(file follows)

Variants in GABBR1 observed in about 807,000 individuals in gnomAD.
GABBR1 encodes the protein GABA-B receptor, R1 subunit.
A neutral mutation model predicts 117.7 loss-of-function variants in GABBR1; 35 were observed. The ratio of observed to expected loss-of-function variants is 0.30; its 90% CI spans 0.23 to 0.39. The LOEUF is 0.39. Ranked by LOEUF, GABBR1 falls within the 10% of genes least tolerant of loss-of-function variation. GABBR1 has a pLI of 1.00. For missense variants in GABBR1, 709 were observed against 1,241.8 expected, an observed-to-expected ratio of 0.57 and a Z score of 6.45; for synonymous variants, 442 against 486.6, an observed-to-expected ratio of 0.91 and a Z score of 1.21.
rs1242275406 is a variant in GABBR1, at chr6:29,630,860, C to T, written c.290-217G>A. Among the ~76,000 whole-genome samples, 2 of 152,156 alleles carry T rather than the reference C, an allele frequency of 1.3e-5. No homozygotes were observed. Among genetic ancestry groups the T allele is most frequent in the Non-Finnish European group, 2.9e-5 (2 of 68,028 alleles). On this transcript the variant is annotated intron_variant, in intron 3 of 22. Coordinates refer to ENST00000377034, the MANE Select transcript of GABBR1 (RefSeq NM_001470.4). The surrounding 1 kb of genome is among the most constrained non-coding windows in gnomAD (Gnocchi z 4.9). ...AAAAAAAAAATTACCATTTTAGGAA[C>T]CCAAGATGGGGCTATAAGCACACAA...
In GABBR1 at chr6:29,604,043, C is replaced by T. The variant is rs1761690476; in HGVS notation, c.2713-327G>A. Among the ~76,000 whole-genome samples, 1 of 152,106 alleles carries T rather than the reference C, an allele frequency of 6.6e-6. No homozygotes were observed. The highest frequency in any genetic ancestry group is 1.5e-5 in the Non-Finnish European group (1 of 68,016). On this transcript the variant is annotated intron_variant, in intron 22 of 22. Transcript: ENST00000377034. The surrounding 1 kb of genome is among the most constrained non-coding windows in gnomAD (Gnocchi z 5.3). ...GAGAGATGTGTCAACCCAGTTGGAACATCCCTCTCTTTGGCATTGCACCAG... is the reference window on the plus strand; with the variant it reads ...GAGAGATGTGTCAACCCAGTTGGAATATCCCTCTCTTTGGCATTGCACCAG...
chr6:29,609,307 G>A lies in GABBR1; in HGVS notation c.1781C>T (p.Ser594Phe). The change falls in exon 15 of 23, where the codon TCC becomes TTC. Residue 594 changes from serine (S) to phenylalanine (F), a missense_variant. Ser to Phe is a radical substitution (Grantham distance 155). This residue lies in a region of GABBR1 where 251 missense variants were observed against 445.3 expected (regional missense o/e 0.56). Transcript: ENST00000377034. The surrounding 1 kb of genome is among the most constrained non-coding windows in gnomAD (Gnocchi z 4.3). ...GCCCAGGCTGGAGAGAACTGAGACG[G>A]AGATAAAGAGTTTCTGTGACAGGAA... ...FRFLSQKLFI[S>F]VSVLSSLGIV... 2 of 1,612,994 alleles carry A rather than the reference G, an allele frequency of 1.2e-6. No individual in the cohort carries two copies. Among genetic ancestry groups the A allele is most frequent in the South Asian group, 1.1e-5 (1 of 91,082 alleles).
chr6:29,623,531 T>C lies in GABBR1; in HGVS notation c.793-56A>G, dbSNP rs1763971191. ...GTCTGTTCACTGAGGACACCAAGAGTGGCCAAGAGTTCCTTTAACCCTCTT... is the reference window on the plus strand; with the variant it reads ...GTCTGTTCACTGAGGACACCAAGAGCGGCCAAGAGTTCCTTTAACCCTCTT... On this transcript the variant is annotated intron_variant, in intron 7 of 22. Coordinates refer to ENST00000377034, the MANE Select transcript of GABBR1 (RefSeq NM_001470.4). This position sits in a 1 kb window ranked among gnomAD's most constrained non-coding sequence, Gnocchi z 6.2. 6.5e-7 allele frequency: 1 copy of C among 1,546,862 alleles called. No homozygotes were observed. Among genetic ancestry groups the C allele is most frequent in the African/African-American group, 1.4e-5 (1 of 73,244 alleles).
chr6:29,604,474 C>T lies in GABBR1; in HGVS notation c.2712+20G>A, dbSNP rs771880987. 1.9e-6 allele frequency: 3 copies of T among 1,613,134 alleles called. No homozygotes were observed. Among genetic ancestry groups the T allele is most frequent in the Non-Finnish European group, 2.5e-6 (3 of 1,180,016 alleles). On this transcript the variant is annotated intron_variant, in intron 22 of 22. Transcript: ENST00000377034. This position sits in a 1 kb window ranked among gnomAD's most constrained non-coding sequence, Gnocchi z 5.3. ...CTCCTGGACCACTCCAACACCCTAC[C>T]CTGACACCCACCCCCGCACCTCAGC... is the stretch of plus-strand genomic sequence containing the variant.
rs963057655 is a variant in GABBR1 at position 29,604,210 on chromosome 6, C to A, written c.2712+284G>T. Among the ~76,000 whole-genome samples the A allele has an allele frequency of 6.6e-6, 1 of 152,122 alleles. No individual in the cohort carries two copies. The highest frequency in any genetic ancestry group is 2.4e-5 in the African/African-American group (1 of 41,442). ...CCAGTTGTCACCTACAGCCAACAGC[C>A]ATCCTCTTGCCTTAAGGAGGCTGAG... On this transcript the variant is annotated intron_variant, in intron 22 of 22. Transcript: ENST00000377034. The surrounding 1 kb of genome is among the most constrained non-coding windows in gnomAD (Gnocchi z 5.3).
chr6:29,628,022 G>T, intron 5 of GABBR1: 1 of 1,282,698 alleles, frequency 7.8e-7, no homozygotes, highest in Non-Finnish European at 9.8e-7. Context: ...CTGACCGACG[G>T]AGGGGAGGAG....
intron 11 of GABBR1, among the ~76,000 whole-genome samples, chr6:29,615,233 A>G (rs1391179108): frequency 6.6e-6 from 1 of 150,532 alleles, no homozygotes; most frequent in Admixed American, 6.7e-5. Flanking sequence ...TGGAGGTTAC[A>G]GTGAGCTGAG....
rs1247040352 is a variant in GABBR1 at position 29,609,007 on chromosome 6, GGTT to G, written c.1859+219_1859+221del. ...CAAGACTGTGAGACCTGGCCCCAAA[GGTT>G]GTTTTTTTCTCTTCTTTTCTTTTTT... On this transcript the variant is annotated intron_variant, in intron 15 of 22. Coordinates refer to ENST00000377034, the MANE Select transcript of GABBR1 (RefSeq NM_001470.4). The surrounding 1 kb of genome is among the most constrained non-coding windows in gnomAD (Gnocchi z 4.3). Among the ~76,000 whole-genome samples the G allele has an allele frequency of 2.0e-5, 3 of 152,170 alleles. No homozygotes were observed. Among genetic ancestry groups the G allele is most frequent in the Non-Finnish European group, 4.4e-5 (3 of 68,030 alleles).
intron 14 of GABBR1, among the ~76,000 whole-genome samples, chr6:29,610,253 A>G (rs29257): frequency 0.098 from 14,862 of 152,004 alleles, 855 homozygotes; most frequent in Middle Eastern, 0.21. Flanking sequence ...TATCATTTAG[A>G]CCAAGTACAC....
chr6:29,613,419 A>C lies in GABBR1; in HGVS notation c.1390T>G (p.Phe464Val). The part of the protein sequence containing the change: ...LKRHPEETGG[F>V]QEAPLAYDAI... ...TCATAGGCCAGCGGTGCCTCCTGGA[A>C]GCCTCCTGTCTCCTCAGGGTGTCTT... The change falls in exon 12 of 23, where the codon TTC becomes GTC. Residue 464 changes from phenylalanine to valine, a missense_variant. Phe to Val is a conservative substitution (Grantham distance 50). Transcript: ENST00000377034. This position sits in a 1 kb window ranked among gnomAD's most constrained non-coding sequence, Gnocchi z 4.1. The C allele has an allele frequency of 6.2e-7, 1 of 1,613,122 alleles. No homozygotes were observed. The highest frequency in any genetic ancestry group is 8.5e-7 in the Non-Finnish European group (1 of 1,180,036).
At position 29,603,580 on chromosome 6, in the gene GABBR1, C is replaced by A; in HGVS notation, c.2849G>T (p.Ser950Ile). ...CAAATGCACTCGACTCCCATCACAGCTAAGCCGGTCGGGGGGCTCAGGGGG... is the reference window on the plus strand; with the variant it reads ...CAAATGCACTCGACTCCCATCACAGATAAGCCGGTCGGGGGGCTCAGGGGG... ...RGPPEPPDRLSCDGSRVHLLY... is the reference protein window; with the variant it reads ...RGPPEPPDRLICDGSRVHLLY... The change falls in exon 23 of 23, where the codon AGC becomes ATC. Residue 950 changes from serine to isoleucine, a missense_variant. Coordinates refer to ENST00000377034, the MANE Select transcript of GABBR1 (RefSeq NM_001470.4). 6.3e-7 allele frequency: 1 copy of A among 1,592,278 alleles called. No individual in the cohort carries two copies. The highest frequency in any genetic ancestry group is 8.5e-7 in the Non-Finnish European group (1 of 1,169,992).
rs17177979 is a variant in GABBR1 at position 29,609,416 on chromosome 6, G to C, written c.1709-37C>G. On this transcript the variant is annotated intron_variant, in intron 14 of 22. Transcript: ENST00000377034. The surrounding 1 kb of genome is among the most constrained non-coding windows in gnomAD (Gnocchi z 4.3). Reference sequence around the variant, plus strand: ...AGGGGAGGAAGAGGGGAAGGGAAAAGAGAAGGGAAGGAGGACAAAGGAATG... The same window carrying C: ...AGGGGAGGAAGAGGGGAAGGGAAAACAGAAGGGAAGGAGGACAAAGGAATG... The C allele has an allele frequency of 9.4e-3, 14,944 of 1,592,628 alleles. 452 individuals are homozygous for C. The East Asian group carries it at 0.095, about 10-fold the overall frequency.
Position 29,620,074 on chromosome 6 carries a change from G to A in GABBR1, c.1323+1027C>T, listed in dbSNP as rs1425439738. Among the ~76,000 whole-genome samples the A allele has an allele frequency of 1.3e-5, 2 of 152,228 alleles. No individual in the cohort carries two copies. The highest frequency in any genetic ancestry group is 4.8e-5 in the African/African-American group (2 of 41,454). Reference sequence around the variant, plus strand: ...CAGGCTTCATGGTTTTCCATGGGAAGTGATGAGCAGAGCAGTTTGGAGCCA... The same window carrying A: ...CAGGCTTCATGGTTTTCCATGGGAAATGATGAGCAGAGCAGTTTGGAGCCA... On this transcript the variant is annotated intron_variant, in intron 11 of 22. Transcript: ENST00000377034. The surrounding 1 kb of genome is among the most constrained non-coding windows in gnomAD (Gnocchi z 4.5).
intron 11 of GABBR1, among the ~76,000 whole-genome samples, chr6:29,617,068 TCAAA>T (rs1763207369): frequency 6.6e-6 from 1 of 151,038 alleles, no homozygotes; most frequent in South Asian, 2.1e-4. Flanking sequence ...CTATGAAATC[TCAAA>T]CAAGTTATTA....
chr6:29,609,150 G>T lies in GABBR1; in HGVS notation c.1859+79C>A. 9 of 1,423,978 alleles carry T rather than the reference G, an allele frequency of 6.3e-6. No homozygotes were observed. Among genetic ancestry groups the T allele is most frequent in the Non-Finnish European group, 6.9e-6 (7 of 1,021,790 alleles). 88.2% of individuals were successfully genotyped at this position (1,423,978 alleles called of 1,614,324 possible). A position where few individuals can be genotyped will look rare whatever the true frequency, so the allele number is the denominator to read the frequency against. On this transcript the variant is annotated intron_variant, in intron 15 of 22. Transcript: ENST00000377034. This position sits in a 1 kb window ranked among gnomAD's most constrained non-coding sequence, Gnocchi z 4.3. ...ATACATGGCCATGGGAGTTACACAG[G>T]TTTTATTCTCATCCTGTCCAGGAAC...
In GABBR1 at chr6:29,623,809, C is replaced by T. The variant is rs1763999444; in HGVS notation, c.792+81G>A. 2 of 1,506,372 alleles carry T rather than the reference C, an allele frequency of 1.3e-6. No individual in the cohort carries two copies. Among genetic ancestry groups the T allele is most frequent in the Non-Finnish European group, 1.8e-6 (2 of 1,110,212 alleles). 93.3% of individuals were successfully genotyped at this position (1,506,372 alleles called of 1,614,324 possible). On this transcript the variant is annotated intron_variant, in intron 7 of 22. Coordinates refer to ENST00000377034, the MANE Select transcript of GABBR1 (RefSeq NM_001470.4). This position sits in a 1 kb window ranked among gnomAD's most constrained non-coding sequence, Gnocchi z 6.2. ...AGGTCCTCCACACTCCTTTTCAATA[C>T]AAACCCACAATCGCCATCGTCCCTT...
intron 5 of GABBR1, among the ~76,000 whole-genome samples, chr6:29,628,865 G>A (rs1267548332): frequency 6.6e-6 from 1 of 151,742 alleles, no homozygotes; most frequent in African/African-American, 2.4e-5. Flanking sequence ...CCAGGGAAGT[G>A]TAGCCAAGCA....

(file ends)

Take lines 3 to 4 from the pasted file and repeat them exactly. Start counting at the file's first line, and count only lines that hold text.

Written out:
A neutral mutation model predicts 117.7 loss-of-function variants in GABBR1; 35 were observed. The ratio of observed to expected loss-of-function variants is 0.30; its 90% CI spans 0.23 to 0.39. The LOEUF is 0.39. Ranked by LOEUF, GABBR1 falls within the 10% of genes least tolerant of loss-of-function variation. GABBR1 has a pLI of 1.00. For missense variants in GABBR1, 709 were observed against 1,241.8 expected, an observed-to-expected ratio of 0.57 and a Z score of 6.45; for synonymous variants, 442 against 486.6, an observed-to-expected ratio of 0.91 and a Z score of 1.21.
rs1242275406 is a variant in GABBR1, at chr6:29,630,860, C to T, written c.290-217G>A. Among the ~76,000 whole-genome samples, 2 of 152,156 alleles carry T rather than the reference C, an allele frequency of 1.3e-5. No homozygotes were observed. Among genetic ancestry groups the T allele is most frequent in the Non-Finnish European group, 2.9e-5 (2 of 68,028 alleles). On this transcript the variant is annotated intron_variant, in intron 3 of 22. Coordinates refer to ENST00000377034, the MANE Select transcript of GABBR1 (RefSeq NM_001470.4). The surrounding 1 kb of genome is among the most constrained non-coding windows in gnomAD (Gnocchi z 4.9). ...AAAAAAAAAATTACCATTTTAGGAA[C>T]CCAAGATGGGGCTATAAGCACACAA...